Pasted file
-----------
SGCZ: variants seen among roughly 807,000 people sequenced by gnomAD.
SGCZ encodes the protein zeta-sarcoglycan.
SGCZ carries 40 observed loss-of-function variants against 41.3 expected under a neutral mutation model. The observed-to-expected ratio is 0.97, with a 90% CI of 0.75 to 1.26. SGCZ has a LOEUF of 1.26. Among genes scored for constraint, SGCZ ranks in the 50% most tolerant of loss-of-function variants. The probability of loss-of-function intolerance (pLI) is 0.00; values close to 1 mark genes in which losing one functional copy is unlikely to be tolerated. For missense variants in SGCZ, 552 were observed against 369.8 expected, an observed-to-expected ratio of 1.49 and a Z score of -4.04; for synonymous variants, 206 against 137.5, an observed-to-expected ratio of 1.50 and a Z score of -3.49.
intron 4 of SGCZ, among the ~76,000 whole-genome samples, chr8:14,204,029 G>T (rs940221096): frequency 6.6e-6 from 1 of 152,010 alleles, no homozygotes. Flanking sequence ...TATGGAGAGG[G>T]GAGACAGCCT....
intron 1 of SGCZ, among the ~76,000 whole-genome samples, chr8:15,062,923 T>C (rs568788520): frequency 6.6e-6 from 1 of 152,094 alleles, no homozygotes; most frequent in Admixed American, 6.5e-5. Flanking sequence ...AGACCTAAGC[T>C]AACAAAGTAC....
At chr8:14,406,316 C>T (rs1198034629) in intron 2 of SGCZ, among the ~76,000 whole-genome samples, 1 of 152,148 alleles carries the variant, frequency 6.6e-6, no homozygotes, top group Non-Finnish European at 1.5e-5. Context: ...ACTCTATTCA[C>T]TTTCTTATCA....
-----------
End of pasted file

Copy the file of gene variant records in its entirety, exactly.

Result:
SGCZ: variants seen among roughly 807,000 people sequenced by gnomAD.
SGCZ encodes the protein zeta-sarcoglycan.
SGCZ carries 40 observed loss-of-function variants against 41.3 expected under a neutral mutation model. The observed-to-expected ratio is 0.97, with a 90% CI of 0.75 to 1.26. SGCZ has a LOEUF of 1.26. Among genes scored for constraint, SGCZ ranks in the 50% most tolerant of loss-of-function variants. The probability of loss-of-function intolerance (pLI) is 0.00; values close to 1 mark genes in which losing one functional copy is unlikely to be tolerated. For missense variants in SGCZ, 552 were observed against 369.8 expected, an observed-to-expected ratio of 1.49 and a Z score of -4.04; for synonymous variants, 206 against 137.5, an observed-to-expected ratio of 1.50 and a Z score of -3.49.
intron 4 of SGCZ, among the ~76,000 whole-genome samples, chr8:14,204,029 G>T (rs940221096): frequency 6.6e-6 from 1 of 152,010 alleles, no homozygotes. Flanking sequence ...TATGGAGAGG[G>T]GAGACAGCCT....
intron 1 of SGCZ, among the ~76,000 whole-genome samples, chr8:15,062,923 T>C (rs568788520): frequency 6.6e-6 from 1 of 152,094 alleles, no homozygotes; most frequent in Admixed American, 6.5e-5. Flanking sequence ...AGACCTAAGC[T>C]AACAAAGTAC....
At chr8:14,406,316 C>T (rs1198034629) in intron 2 of SGCZ, among the ~76,000 whole-genome samples, 1 of 152,148 alleles carries the variant, frequency 6.6e-6, no homozygotes, top group Non-Finnish European at 1.5e-5. Context: ...ACTCTATTCA[C>T]TTTCTTATCA....